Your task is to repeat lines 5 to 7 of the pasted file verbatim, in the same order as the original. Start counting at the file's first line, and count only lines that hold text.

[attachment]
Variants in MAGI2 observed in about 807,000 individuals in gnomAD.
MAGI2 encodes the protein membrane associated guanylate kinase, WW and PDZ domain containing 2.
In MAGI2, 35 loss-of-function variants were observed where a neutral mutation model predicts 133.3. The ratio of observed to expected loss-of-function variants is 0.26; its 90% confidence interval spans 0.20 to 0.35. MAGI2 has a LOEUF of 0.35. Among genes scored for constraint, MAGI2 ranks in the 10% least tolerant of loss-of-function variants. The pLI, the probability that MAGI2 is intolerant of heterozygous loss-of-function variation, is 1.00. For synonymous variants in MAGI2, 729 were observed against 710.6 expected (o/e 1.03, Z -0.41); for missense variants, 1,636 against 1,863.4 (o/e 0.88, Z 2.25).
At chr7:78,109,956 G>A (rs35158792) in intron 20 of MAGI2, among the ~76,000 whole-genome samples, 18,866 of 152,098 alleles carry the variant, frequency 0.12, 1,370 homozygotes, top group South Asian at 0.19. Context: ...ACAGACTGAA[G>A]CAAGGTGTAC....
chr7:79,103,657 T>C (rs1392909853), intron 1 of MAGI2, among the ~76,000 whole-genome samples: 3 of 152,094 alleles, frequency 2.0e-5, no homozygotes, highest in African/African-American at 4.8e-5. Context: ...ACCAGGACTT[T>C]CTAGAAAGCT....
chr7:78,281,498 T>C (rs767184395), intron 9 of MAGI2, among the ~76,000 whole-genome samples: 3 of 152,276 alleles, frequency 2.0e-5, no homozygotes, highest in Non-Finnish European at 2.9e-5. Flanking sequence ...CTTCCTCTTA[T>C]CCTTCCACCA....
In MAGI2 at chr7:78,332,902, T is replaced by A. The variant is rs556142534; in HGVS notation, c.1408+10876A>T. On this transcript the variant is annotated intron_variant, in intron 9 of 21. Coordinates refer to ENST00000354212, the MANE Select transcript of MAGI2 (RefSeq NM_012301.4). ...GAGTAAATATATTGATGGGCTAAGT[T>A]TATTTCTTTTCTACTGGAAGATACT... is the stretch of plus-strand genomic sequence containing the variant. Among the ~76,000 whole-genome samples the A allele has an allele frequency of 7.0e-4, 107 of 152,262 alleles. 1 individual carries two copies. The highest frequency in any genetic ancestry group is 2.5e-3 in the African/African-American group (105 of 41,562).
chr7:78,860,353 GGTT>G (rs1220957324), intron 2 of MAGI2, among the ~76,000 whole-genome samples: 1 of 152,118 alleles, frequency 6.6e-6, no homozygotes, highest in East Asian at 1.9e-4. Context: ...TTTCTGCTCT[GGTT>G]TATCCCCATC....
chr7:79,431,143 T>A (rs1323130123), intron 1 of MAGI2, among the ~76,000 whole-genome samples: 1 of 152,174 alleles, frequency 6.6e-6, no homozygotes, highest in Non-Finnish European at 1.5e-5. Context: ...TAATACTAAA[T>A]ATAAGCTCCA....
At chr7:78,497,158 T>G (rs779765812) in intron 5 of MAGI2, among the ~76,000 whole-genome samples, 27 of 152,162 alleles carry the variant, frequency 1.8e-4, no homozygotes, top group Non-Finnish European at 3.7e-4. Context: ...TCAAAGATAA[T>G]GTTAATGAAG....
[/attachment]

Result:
chr7:79,103,657 T>C (rs1392909853), intron 1 of MAGI2, among the ~76,000 whole-genome samples: 3 of 152,094 alleles, frequency 2.0e-5, no homozygotes, highest in African/African-American at 4.8e-5. Context: ...ACCAGGACTT[T>C]CTAGAAAGCT....
chr7:78,281,498 T>C (rs767184395), intron 9 of MAGI2, among the ~76,000 whole-genome samples: 3 of 152,276 alleles, frequency 2.0e-5, no homozygotes, highest in Non-Finnish European at 2.9e-5. Flanking sequence ...CTTCCTCTTA[T>C]CCTTCCACCA....
In MAGI2 at chr7:78,332,902, T is replaced by A. The variant is rs556142534; in HGVS notation, c.1408+10876A>T. On this transcript the variant is annotated intron_variant, in intron 9 of 21. Coordinates refer to ENST00000354212, the MANE Select transcript of MAGI2 (RefSeq NM_012301.4). ...GAGTAAATATATTGATGGGCTAAGT[T>A]TATTTCTTTTCTACTGGAAGATACT... is the stretch of plus-strand genomic sequence containing the variant. Among the ~76,000 whole-genome samples the A allele has an allele frequency of 7.0e-4, 107 of 152,262 alleles. 1 individual carries two copies. The highest frequency in any genetic ancestry group is 2.5e-3 in the African/African-American group (105 of 41,562).